Translator’s notes

1
Vincent Van Gogh, Lettres à son frère Théo (Paris: Grasset, 1937), p. 181.
2
Neologism formed by Cixous from neologisms like négritude etc.
3
From the Italian. This painterly term means an alteration, an artistic second thought, which can sometimes still be discerned in the finished work. In French, the word for this is repentir, which also means ‘repentance,’ thus producing a double meaning I found impossible to render in English: of the depiction of the head as having been slightly altered during the act of painting, and of the head’s drooping position as indicating a feeling of repentance on the part of Bathsheba. For a further discussion of the notion of repentir in painting, see Hélène Cixous, ‘Without end, no, State of drawingness, no, rather: The Executioner’s taking off,’ this volume, pp. 20-31.
4
In French, the following passage plays with the ‘femininity’ of the letter (la lettre) in a complicated intertwining of feminine pronouns that refer at times to the letter, at others to Bathsheba. Unfortunately, this proximity and even confusion between the two is lost in English.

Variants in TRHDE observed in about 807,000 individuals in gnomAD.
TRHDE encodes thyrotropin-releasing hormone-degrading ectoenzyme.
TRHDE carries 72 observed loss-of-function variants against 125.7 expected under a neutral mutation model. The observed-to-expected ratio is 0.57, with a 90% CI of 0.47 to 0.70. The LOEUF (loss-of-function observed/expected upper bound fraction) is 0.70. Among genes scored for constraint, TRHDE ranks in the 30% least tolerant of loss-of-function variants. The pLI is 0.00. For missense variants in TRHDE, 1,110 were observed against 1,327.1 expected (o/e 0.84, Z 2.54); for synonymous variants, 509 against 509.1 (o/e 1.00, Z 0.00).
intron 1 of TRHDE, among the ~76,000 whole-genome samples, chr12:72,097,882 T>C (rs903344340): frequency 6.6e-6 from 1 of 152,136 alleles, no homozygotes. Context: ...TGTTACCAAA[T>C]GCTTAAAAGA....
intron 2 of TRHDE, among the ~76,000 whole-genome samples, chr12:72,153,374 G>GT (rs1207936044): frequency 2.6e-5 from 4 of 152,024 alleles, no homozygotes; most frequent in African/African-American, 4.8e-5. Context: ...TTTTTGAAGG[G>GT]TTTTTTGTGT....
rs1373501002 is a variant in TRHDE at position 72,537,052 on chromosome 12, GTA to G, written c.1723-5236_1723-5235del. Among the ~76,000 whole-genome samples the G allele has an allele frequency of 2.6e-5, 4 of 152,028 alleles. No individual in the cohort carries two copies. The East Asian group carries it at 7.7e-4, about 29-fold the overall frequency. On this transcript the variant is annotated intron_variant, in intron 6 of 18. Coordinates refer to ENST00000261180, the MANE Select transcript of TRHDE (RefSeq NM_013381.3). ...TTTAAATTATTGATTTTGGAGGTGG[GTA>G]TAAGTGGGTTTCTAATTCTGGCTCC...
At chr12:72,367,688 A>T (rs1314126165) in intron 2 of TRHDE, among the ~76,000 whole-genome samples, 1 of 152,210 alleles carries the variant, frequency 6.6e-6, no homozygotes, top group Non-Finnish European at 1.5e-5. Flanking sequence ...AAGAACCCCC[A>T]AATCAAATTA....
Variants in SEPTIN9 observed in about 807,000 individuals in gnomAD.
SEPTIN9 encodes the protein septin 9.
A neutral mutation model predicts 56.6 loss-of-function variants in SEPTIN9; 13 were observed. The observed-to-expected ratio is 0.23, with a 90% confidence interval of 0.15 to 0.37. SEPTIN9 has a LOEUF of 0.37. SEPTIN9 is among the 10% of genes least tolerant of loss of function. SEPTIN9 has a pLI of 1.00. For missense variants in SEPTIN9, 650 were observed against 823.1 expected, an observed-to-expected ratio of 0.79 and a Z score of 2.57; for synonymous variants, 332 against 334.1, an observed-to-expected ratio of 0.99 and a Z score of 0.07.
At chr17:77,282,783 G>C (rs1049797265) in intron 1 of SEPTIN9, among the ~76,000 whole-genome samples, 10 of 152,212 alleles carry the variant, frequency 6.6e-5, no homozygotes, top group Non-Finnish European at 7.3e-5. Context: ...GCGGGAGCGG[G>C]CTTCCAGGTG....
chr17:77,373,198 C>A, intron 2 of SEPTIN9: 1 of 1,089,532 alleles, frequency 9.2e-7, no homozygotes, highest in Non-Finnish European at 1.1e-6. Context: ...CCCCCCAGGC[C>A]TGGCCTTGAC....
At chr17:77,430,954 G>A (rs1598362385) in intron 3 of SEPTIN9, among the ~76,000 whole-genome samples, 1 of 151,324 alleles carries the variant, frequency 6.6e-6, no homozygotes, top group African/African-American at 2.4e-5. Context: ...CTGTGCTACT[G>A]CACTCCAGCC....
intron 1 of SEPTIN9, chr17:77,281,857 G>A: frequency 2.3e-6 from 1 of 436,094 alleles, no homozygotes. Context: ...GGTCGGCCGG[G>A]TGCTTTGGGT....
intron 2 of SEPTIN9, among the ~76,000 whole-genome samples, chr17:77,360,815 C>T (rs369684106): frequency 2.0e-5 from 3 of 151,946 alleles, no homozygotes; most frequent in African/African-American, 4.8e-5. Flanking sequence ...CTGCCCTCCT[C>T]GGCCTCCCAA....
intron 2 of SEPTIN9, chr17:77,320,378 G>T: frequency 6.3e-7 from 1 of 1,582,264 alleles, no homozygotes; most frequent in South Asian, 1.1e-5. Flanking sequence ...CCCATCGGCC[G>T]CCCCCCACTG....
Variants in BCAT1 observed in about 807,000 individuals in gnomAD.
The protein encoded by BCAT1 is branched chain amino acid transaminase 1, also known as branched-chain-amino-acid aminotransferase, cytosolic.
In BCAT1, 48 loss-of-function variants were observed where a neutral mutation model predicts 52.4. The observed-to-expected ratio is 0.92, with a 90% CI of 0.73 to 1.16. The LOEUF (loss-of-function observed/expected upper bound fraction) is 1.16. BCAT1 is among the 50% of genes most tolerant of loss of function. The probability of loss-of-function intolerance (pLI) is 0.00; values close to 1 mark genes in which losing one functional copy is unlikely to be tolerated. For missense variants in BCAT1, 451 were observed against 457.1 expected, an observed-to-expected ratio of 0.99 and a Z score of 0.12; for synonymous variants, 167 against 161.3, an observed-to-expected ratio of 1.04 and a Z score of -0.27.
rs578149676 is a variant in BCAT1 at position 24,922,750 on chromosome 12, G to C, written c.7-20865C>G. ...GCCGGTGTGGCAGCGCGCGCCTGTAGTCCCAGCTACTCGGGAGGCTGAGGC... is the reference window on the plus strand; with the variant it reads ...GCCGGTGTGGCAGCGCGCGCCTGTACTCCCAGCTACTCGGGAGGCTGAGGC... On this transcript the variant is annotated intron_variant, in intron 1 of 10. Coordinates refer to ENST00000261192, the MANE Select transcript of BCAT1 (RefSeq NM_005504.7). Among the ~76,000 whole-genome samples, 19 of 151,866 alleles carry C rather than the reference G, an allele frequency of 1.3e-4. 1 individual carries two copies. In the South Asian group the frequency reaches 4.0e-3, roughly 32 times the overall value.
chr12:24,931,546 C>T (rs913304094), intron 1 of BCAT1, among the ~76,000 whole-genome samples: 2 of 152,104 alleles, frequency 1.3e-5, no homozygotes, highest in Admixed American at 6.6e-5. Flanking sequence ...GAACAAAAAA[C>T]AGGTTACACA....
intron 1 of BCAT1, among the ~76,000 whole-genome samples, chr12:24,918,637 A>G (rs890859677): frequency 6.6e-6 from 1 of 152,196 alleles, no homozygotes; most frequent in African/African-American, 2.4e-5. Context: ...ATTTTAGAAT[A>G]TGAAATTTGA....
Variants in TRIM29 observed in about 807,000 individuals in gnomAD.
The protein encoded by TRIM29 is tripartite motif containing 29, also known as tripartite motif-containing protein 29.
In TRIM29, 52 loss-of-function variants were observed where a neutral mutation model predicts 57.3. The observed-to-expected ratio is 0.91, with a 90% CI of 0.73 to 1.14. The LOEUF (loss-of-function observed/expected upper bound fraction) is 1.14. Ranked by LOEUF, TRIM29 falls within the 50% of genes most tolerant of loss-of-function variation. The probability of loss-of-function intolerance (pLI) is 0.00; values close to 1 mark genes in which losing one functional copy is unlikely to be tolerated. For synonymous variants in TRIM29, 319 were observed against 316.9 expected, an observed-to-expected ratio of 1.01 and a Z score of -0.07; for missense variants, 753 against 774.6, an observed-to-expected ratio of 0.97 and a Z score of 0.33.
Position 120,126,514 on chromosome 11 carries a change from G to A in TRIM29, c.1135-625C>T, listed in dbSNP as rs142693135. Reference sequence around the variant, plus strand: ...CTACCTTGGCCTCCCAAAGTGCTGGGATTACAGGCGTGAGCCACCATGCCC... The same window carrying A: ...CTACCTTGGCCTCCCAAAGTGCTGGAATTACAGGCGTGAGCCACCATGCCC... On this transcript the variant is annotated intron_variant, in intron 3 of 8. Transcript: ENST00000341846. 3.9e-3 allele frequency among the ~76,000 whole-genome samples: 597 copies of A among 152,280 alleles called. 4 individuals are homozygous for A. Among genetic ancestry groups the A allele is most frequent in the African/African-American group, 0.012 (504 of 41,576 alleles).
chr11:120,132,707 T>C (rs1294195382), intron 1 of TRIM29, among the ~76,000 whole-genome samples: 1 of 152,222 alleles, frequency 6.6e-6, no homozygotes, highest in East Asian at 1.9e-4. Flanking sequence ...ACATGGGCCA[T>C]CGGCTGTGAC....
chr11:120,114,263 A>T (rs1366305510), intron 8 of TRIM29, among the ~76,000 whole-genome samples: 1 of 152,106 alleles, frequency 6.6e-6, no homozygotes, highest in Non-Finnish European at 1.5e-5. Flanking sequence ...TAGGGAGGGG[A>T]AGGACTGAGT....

5
In French: David est l’hors. Le hors, L’ordonnateur. This complex sentence, impossible to render precisely in English, plays with the French word for ‘outside.’ The word for ‘arranger’ can also be heard as l’hors donnateur (the giver of the outside), thus referring back to what comes before, and so on.
6
Vincent Van Gogh, Lettres à son frère Théo (Paris: Grasset, 1937), p. 123.
7
In order for the rest of the passage to make sense, I have translated the title of this painting by Rembrandt directly from the French. In English, this same painting is called Scholar in a Room with Winding Stair.
8
See n. 2.
9
Horst Gerson, Rembrandt’s Paintings, trans. H. Norden, ed. G. Schwantz (London: Weidenfeld & Nicolson, 1968).

-19-

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